OK, the party calls…
Last night Russell, Greg, John B, and I took the two new Aussies to West Lake. West Lake’s Nanxian (南线) area, newly renovated, looks very nice at night. If you’ve been to West Lake before but not recently, you have no idea what you’re missing. The newly renovated section, Xixian (西线), is opening for the National Day vacation throngs, and it’s also supposed to be very nice, in the old school traditional Chinese style. I’ll go check it out after the tourist crowds depart and put some pictures up (something I haven’t done in quite a long time, as Wilson kindly pointed out to me).
After checking out West Lake at night, we headed over to a very cheap bar I know of. The name is 西部小镇; Old West Town is their translation. There’s a cowboy hat on the sign. It’s in a prime location, in a string of little bars right next to West Lake. It’s not a great bar. It’s very loud, and the music is always bad. The bar serves little more than beer, despite the plethora of Western liquors on display. The bartender’s job is basically to pull out more beers and open them. The one saving grace of this bar is its beer special: 3 West Lake beers for 10rmb ($1.25). West Lake Beer is not the greatest beer in the world, but it’s always so cheap that in Hangzhou I find myself drinking it more than any other beer. Apparently it’s owned by Asahi now.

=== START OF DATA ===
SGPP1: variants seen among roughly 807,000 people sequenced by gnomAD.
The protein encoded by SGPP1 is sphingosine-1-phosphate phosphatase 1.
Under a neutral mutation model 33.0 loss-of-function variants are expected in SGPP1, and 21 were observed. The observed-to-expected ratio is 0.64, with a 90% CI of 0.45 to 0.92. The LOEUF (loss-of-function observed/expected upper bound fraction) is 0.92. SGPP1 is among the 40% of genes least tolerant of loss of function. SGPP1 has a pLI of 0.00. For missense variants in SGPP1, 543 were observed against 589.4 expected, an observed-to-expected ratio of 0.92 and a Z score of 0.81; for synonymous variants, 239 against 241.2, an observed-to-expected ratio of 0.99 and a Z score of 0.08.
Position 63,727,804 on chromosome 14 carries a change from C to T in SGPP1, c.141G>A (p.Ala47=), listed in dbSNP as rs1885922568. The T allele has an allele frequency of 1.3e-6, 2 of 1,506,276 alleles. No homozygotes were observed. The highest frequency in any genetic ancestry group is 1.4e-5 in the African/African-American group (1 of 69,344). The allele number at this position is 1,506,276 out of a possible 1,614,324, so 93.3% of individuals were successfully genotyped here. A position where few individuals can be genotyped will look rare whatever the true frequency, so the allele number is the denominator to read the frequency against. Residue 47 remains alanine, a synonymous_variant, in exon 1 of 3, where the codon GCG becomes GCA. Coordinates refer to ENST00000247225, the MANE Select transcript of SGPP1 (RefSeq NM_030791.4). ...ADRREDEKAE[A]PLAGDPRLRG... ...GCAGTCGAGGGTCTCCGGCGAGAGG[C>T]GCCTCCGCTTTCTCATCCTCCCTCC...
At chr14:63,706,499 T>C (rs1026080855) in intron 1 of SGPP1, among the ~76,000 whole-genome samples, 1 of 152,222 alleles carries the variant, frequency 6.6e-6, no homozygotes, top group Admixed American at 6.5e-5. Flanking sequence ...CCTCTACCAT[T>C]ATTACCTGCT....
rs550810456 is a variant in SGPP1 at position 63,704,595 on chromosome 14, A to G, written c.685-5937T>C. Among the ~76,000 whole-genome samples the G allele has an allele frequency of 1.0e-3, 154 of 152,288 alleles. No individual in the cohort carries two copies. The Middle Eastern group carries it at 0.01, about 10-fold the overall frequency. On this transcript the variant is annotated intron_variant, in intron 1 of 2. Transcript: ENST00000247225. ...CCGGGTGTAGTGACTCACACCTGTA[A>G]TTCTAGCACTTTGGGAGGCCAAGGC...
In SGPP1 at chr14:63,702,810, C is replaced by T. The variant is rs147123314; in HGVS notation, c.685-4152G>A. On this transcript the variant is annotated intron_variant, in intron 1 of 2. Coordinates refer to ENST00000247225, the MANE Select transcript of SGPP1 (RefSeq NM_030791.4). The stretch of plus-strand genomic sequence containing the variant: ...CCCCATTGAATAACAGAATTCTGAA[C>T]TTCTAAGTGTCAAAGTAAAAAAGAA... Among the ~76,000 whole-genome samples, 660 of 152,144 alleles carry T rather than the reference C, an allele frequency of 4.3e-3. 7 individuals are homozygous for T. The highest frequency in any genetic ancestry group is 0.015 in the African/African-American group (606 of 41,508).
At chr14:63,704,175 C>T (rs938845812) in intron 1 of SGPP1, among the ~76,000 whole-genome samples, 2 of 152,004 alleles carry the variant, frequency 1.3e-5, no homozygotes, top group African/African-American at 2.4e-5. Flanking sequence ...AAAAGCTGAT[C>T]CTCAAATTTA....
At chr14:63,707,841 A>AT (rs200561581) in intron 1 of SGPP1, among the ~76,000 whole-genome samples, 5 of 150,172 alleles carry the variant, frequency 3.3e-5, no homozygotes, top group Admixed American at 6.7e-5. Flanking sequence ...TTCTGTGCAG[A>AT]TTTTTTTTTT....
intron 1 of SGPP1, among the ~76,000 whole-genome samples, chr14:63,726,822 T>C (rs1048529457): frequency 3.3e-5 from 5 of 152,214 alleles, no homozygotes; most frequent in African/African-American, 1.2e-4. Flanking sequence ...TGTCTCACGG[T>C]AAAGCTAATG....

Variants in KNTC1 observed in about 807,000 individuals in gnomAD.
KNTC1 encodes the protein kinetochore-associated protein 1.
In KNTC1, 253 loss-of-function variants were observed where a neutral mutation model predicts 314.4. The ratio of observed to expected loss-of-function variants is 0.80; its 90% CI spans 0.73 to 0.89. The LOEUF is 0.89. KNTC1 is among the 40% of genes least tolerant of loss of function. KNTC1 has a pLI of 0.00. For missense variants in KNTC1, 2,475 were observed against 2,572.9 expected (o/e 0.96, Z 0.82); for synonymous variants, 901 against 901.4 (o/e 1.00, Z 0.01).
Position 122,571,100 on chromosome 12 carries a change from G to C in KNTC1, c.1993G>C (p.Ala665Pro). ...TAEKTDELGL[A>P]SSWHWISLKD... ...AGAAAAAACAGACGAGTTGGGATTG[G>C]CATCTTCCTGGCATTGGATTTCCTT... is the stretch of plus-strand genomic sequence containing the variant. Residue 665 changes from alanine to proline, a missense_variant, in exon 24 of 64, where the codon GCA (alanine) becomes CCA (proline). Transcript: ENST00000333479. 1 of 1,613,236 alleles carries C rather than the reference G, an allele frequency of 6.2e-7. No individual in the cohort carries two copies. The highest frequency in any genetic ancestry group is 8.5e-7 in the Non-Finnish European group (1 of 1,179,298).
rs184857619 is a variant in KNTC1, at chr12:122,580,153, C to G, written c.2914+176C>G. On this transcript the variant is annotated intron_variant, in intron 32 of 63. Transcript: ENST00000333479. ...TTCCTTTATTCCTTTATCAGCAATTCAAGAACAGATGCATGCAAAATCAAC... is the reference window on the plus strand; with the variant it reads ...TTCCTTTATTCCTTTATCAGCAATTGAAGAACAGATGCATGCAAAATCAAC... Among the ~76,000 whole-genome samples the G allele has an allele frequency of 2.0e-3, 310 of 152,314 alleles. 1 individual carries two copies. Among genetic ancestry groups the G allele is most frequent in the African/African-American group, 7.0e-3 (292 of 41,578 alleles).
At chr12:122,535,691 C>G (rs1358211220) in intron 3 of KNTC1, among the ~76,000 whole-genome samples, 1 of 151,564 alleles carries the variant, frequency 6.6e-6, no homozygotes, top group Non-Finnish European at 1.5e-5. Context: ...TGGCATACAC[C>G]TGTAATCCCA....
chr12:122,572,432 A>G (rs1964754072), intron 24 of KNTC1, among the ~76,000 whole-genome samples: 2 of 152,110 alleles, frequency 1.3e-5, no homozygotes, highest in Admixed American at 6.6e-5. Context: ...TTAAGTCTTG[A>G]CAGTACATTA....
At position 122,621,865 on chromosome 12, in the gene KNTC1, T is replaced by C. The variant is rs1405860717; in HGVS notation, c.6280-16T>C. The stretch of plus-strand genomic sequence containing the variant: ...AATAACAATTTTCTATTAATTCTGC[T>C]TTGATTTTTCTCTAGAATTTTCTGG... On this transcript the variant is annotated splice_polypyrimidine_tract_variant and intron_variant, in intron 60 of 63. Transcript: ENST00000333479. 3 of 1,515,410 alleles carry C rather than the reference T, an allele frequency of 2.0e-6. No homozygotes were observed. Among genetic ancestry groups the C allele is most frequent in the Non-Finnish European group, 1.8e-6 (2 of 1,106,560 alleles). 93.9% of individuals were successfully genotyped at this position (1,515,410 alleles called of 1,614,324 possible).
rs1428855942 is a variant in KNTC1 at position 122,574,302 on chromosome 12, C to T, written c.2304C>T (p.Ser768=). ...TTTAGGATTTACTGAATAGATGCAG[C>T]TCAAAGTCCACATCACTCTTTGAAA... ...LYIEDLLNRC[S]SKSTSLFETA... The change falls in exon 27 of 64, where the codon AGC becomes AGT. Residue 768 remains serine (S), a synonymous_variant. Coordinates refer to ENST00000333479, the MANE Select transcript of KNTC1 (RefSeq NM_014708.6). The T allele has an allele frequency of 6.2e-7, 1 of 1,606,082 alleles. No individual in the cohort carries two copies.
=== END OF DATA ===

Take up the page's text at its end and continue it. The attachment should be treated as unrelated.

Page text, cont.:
So we did what so many Chinese people do in bars — drink and play a dice game called chui niu (吹牛). It’s this game where everyone has a cup of 5 dice, and you have to estimate how many of a given number there are out there, under everyone’s cups. Ones are wild. Bluffing is key. It’s a fun game, but not quite fun enough to warrant its popularity in China, in my opinion. Anyway, it was good for the new Aussies, Ben and Simonne, because we played it in Chinese and they got their numbers down (kinda). We left a little while after the bar ran out of cold beers.
On the way to West Lake, I was given this flyer:
> Restaurant Bar Club
Nothing Comes from Nothing.
Nothing comes from Nothing.
> In celebration Z Bar begins a new chapter, in a new city
that mix our minds and drinks our souls.
We stamped the ground and strung the lights to launch this new theme Restaurant-Bar-Club of modern artistry.
Experience the sight, the sound, the taste,
the energy —
We welcome you to experience our
I think English in China is getting better…